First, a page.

Authors: Leanne Purdum*, University of Georgia
Topics: Immigration/Transnationalism, Human Rights, Legal Geography
Keywords: immigration, humanitarianism, refugees, law, critical geography, qualitative research, children, family, borders, detention, carceral geography, deportation
Session Type: Paper
Start / End Time: 8:00 AM / 9:40 AM
Room: Directors Room, Omni, West
Presentation File: No File Uploaded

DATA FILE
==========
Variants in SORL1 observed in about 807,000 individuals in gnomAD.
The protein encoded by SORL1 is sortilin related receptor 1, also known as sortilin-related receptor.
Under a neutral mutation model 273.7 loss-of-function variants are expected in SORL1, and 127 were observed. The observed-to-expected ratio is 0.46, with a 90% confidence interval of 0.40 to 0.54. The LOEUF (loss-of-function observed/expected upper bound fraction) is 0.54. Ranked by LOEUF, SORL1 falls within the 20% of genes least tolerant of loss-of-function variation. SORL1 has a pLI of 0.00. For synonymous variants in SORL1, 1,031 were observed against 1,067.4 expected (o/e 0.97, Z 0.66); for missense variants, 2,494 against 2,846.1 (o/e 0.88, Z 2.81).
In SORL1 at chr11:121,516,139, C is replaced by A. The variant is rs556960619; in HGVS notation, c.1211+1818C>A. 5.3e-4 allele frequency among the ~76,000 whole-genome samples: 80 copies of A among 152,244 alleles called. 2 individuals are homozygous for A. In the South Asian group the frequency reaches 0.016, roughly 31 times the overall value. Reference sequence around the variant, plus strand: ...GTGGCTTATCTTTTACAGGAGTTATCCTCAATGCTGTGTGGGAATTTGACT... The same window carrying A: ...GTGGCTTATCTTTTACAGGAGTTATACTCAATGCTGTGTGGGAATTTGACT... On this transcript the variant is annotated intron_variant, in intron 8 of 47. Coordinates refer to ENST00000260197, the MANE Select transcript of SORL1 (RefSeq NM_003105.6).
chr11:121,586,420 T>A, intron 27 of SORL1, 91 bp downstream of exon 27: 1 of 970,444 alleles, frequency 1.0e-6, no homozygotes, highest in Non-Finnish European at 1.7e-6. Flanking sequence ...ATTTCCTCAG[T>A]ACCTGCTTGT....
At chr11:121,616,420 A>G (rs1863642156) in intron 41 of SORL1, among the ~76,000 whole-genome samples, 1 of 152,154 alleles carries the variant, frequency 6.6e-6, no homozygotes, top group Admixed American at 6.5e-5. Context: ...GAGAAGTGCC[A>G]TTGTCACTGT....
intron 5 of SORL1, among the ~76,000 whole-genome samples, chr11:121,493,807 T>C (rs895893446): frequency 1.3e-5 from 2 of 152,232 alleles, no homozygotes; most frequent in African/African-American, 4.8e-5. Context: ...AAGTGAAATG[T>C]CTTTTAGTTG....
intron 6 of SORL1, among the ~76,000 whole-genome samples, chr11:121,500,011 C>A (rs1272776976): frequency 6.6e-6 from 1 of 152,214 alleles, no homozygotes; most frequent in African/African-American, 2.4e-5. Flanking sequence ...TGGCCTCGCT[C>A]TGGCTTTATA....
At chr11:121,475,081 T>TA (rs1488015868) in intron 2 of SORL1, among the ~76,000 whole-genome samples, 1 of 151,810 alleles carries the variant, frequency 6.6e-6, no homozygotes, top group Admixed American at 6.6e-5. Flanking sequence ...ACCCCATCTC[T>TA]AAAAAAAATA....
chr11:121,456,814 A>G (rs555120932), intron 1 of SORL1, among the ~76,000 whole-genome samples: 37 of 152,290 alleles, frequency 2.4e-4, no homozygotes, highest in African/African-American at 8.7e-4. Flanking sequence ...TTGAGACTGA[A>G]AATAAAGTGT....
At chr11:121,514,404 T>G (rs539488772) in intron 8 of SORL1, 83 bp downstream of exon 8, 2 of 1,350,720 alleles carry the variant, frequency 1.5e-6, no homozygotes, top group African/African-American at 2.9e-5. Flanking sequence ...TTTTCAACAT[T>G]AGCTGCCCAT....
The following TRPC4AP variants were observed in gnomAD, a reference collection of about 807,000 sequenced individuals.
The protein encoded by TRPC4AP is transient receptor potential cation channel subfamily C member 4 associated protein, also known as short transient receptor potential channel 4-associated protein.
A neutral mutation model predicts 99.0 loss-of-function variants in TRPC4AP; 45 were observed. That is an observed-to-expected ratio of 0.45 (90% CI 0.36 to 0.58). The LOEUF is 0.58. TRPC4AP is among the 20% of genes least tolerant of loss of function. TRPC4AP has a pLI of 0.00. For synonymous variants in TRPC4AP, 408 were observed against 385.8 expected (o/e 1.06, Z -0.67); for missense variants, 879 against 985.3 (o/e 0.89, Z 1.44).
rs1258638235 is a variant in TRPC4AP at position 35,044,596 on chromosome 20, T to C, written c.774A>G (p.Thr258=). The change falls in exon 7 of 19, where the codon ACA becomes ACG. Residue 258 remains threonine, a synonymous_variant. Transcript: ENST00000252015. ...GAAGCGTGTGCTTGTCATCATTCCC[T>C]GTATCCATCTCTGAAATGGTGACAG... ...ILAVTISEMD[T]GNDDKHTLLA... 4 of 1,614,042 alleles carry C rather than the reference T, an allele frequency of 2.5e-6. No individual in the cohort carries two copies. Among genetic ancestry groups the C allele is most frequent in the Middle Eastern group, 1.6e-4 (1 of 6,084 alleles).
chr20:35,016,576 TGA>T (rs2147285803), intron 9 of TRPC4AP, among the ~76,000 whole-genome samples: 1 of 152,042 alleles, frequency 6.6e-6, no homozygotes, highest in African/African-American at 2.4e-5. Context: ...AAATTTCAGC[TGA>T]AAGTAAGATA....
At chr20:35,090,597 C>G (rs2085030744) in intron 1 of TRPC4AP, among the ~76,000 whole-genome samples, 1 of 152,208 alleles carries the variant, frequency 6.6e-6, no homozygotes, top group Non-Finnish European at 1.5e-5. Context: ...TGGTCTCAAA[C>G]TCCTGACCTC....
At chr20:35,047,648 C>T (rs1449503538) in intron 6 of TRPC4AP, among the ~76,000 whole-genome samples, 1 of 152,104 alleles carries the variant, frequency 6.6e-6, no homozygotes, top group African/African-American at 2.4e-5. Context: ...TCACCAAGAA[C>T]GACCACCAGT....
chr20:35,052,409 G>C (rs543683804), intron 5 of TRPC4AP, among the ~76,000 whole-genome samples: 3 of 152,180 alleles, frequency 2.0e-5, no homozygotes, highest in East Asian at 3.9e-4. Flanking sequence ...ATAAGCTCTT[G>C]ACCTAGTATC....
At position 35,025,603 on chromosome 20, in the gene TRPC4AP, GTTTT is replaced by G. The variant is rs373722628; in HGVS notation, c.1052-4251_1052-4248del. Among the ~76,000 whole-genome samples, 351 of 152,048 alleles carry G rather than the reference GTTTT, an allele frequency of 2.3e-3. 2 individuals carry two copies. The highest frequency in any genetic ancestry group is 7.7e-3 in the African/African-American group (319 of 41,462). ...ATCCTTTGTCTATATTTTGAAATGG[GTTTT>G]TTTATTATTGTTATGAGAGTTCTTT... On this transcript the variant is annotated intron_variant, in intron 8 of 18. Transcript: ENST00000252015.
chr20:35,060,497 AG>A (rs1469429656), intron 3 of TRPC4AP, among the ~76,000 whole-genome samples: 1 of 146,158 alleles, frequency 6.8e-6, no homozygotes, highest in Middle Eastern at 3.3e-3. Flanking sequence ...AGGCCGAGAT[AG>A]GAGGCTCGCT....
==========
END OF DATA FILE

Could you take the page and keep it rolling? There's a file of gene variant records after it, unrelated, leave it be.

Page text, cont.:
This presentation analyses the current moment of U.S. “family detention”, or detention of immigrant children with a parent. Much work understandably focuses on the overt violence to children during detention, perhaps most clearly highlighted by the Trump administration’s recent policy of mass family separations. However, my work considers the complex discourses of helping, care, and humanitarianism found in legal struggles over family detention. My analysis centers on my volunteer work in the South Texas Family Residential Center (STFRC), in Dilley Texas, and advocacy in Athens, Georgia. I discuss how the discourses of care and helping interplay with those of enforcement and criminalized migration, shaping policy and the day-to-day workings of detention, in “family” detention centers and beyond. I will consider the implications of these discourses for advocates and those involved in efforts to end detention and challenge immigration policing in general.